Heal me, O Lord, and I shall be healed. - Jeremiah 17:14
I have seen his ways, but I will heal him. - Isaiah 57:18
It is the sole prerogative of God to remove spiritual disease. Natural disease may be instrumentally healed by men, but even then the honor is to be given to God who grants wisdom to doctors and bestows power to enable the human frame to cast off disease. As for spiritual sicknesses, these remain with the Great Physician alone; He claims it as His prerogative: "I kill and I make alive; I wound and I heal";1 and one of the Lord's choice titles is Jehovah-Rophi, "the Lord who heals you." "I will heal your wounds" is a promise that could not come from the lips of man but only from the mouth of the eternal God.
On this account the psalmist cried unto the Lord, "Heal me, O LORD, for my bones are troubled,"2 and again, "Heal me, for I have sinned against you!"3 For this also the godly praise the name of the Lord, saying, "[He] heals all your diseases."4 He who made man can restore man; He who was at first the creator of our nature can re-create it. What a transcendent comfort it is that in the person of Jesus "the whole fullness of deity dwells bodily."5
My soul, whatever your disease may be, this Great Physician can heal you. If He is God, there can be no limit to His power. Come then with the blind eye of darkened understanding; come with the limping foot of wasted energy; come with the disabled hand of weak faith, the fever of an angry temper, or the fit of shivering despondency; come just as you are, for He who is God can certainly restore you. No one can restrain the healing power that proceeds from Jesus our Lord. Legions of devils have attempted to overcome the power of the beloved Physician, and never once has He been hindered. All His patients have been cured in the past and shall be in the future, and you may be counted among them, my friend, if you will but rest yourself in Him tonight.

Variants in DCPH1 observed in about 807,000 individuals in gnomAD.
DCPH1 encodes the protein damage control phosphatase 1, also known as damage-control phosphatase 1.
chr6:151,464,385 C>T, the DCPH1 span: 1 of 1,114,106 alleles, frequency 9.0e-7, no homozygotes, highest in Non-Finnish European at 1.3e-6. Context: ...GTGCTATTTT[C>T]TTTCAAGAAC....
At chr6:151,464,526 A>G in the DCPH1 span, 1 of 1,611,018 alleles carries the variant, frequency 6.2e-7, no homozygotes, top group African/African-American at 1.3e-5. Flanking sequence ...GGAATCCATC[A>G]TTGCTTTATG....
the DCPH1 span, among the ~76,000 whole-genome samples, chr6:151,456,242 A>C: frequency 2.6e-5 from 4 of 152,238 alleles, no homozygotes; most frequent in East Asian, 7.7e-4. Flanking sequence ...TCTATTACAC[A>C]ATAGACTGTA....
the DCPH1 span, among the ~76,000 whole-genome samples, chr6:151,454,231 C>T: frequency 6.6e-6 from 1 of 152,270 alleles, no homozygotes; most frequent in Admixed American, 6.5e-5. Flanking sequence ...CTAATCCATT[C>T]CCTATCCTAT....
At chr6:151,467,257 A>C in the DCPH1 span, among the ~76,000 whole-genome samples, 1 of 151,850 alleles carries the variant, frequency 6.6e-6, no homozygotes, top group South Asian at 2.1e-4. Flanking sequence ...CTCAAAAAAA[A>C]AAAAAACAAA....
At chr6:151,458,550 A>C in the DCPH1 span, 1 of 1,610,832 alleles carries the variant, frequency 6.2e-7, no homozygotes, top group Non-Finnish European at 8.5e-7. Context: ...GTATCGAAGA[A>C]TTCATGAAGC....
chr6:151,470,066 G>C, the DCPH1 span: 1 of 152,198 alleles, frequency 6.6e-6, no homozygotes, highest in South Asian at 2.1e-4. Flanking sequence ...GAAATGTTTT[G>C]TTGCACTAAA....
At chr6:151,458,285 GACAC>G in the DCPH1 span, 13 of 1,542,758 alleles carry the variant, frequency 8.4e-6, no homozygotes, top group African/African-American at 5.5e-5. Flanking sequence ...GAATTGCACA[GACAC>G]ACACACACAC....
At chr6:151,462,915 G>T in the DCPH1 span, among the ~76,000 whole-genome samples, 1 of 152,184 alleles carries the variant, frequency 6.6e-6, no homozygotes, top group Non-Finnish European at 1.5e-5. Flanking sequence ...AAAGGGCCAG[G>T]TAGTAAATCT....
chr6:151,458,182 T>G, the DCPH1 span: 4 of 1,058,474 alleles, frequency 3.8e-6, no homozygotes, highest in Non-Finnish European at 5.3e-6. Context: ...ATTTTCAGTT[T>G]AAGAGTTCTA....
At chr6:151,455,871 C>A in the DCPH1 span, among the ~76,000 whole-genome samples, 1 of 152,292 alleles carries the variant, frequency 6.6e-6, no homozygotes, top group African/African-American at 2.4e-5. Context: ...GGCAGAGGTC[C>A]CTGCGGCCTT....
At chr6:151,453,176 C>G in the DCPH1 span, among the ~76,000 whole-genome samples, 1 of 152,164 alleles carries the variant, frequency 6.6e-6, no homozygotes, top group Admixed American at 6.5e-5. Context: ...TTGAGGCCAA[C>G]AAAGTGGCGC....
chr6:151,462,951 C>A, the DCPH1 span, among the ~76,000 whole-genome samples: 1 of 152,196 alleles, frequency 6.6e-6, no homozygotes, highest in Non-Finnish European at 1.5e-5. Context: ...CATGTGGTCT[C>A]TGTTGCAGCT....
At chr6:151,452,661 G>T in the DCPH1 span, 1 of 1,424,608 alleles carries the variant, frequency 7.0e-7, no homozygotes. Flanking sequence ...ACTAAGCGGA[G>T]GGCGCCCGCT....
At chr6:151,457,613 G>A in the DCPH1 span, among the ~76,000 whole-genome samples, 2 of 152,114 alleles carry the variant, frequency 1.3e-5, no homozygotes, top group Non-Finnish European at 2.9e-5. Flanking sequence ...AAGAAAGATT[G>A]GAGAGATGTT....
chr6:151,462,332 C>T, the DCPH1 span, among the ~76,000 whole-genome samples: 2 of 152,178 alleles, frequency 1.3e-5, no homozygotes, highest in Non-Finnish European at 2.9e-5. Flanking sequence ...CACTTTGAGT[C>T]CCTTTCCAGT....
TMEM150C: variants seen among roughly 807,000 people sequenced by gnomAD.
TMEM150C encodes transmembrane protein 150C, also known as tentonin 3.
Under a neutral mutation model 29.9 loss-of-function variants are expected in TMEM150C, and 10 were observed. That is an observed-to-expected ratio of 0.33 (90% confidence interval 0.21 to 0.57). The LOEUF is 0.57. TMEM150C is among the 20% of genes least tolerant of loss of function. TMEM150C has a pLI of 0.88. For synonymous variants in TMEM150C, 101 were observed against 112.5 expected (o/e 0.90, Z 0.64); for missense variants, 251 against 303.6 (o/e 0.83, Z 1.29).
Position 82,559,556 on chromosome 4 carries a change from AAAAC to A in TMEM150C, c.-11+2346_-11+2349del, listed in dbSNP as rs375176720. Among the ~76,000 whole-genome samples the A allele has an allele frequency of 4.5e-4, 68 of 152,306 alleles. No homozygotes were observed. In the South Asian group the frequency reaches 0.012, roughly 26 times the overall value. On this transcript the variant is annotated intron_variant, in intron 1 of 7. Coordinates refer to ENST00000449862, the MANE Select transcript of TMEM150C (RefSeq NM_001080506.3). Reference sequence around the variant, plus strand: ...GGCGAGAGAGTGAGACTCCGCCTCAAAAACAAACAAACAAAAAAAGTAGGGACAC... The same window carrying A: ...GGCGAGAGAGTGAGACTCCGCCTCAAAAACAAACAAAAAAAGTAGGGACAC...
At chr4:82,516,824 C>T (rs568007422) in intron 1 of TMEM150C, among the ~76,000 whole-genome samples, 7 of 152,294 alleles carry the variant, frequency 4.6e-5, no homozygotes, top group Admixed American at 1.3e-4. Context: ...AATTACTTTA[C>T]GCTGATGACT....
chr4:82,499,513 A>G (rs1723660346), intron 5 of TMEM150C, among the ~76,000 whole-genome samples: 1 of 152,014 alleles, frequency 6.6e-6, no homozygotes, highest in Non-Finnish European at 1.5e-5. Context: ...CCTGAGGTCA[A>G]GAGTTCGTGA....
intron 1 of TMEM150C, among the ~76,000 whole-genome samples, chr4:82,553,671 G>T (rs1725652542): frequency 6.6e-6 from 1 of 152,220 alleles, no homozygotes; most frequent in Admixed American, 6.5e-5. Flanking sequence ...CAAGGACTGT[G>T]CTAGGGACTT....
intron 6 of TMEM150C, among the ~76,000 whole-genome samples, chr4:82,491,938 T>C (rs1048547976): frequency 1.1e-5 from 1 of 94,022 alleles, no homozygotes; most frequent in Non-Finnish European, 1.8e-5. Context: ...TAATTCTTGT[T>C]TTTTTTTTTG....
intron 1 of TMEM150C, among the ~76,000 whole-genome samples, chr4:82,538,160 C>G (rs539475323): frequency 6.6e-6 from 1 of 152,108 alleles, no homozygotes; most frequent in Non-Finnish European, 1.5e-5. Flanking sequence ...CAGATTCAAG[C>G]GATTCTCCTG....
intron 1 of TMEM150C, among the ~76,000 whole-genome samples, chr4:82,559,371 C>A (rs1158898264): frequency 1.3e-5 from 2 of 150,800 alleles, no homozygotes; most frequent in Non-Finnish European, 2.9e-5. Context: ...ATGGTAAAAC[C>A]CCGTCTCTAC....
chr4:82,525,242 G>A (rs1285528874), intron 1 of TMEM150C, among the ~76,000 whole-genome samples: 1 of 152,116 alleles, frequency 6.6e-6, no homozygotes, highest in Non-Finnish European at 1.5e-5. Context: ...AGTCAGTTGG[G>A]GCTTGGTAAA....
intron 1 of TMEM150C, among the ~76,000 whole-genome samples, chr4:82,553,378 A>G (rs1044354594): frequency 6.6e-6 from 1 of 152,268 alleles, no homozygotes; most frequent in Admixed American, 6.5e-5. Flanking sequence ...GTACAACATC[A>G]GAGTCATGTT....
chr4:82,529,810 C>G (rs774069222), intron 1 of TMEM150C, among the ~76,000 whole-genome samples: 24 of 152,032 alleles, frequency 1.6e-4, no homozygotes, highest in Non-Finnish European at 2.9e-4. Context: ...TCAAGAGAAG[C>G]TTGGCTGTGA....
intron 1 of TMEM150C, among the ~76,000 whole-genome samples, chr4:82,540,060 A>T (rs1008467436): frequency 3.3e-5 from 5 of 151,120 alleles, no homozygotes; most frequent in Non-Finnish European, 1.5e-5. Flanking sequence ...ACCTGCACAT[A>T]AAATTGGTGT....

Family Bible reading plan
verse 1 Ezekiel 2
verse 2 Psalms 38
Anxiety and worry. They’re commonplace in everyday life. We worry about the safety and wellbeing of our children. We worry about our health. We become anxious over our jobs and our finances . . . and uneasy over the seemingly endless challenges of everyday life. Unfortunately, when difficulty happens, worry can lock us it its grip. So, how do we change our thinking? How do we alter our mindscape? Author Timothy Witmer, Professor of Practical Theology at Westminster Theological Seminary, looks to the Apostle Paul to help us reset our thinking. Mindscape helps readers replace fear and worry with peace that surpasses all understanding. By exploring the root of anxiety, worry, and escapism, learn to rest in what is true, right, noble, pure, lovely, and admirable to find freedom from stress and worry.
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From Morning & Evening revised and edited by Alistair Begg copyright © 2003. Used by permission of Crossway Books, a publishing ministry of Good News Publishers, Wheaton, IL 60187, www.crossway.org.